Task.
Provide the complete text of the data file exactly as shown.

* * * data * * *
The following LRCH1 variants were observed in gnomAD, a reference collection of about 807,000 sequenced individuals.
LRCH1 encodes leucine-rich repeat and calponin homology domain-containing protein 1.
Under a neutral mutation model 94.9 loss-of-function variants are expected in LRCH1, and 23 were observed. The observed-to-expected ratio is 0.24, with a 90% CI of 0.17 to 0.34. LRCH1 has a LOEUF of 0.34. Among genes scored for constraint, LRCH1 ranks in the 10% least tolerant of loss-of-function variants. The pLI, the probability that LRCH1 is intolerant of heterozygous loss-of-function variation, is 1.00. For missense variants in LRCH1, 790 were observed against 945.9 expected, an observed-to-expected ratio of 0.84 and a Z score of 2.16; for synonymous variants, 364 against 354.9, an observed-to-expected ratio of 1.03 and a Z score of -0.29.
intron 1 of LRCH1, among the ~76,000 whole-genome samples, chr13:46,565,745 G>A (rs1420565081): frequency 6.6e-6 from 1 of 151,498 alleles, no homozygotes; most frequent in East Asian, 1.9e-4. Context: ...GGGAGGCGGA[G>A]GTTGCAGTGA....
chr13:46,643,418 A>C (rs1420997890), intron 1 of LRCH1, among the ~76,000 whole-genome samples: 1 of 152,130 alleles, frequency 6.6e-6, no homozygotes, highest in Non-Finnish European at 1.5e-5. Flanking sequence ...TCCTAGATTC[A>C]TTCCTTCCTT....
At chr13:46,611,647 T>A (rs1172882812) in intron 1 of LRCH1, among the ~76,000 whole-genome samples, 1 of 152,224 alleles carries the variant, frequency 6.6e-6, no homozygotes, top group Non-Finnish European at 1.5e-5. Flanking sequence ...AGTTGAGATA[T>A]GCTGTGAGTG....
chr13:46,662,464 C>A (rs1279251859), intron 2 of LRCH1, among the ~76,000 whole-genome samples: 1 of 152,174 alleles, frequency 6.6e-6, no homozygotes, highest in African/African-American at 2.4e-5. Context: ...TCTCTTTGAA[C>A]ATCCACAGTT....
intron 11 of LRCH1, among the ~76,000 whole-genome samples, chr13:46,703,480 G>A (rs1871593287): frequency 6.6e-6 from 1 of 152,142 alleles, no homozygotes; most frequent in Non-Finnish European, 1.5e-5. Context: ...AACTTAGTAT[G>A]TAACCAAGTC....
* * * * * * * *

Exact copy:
The following LRCH1 variants were observed in gnomAD, a reference collection of about 807,000 sequenced individuals.
LRCH1 encodes leucine-rich repeat and calponin homology domain-containing protein 1.
Under a neutral mutation model 94.9 loss-of-function variants are expected in LRCH1, and 23 were observed. The observed-to-expected ratio is 0.24, with a 90% CI of 0.17 to 0.34. LRCH1 has a LOEUF of 0.34. Among genes scored for constraint, LRCH1 ranks in the 10% least tolerant of loss-of-function variants. The pLI, the probability that LRCH1 is intolerant of heterozygous loss-of-function variation, is 1.00. For missense variants in LRCH1, 790 were observed against 945.9 expected, an observed-to-expected ratio of 0.84 and a Z score of 2.16; for synonymous variants, 364 against 354.9, an observed-to-expected ratio of 1.03 and a Z score of -0.29.
intron 1 of LRCH1, among the ~76,000 whole-genome samples, chr13:46,565,745 G>A (rs1420565081): frequency 6.6e-6 from 1 of 151,498 alleles, no homozygotes; most frequent in East Asian, 1.9e-4. Context: ...GGGAGGCGGA[G>A]GTTGCAGTGA....
chr13:46,643,418 A>C (rs1420997890), intron 1 of LRCH1, among the ~76,000 whole-genome samples: 1 of 152,130 alleles, frequency 6.6e-6, no homozygotes, highest in Non-Finnish European at 1.5e-5. Flanking sequence ...TCCTAGATTC[A>C]TTCCTTCCTT....
At chr13:46,611,647 T>A (rs1172882812) in intron 1 of LRCH1, among the ~76,000 whole-genome samples, 1 of 152,224 alleles carries the variant, frequency 6.6e-6, no homozygotes, top group Non-Finnish European at 1.5e-5. Flanking sequence ...AGTTGAGATA[T>A]GCTGTGAGTG....
chr13:46,662,464 C>A (rs1279251859), intron 2 of LRCH1, among the ~76,000 whole-genome samples: 1 of 152,174 alleles, frequency 6.6e-6, no homozygotes, highest in African/African-American at 2.4e-5. Context: ...TCTCTTTGAA[C>A]ATCCACAGTT....
intron 11 of LRCH1, among the ~76,000 whole-genome samples, chr13:46,703,480 G>A (rs1871593287): frequency 6.6e-6 from 1 of 152,142 alleles, no homozygotes; most frequent in Non-Finnish European, 1.5e-5. Context: ...AACTTAGTAT[G>A]TAACCAAGTC....